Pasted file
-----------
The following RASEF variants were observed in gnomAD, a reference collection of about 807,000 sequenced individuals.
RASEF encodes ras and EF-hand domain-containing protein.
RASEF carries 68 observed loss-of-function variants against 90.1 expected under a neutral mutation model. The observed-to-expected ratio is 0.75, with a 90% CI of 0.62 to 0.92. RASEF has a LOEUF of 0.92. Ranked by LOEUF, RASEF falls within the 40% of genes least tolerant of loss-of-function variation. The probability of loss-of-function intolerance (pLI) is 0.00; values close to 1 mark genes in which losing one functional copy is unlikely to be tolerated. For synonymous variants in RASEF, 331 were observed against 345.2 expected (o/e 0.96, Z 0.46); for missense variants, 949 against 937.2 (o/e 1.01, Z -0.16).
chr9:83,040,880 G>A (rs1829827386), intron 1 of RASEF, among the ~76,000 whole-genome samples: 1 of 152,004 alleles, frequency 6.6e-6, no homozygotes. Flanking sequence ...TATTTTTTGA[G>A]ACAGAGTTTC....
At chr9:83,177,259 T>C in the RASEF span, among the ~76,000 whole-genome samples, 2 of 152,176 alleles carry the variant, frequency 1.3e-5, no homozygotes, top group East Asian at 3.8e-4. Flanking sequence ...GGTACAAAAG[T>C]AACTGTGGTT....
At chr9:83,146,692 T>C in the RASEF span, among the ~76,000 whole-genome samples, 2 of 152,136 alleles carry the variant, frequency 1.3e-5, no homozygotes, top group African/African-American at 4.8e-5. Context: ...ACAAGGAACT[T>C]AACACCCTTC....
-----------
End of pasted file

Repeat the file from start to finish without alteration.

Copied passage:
The following RASEF variants were observed in gnomAD, a reference collection of about 807,000 sequenced individuals.
RASEF encodes ras and EF-hand domain-containing protein.
RASEF carries 68 observed loss-of-function variants against 90.1 expected under a neutral mutation model. The observed-to-expected ratio is 0.75, with a 90% CI of 0.62 to 0.92. RASEF has a LOEUF of 0.92. Ranked by LOEUF, RASEF falls within the 40% of genes least tolerant of loss-of-function variation. The probability of loss-of-function intolerance (pLI) is 0.00; values close to 1 mark genes in which losing one functional copy is unlikely to be tolerated. For synonymous variants in RASEF, 331 were observed against 345.2 expected (o/e 0.96, Z 0.46); for missense variants, 949 against 937.2 (o/e 1.01, Z -0.16).
chr9:83,040,880 G>A (rs1829827386), intron 1 of RASEF, among the ~76,000 whole-genome samples: 1 of 152,004 alleles, frequency 6.6e-6, no homozygotes. Flanking sequence ...TATTTTTTGA[G>A]ACAGAGTTTC....
At chr9:83,177,259 T>C in the RASEF span, among the ~76,000 whole-genome samples, 2 of 152,176 alleles carry the variant, frequency 1.3e-5, no homozygotes, top group East Asian at 3.8e-4. Flanking sequence ...GGTACAAAAG[T>C]AACTGTGGTT....
At chr9:83,146,692 T>C in the RASEF span, among the ~76,000 whole-genome samples, 2 of 152,136 alleles carry the variant, frequency 1.3e-5, no homozygotes, top group African/African-American at 4.8e-5. Context: ...ACAAGGAACT[T>C]AACACCCTTC....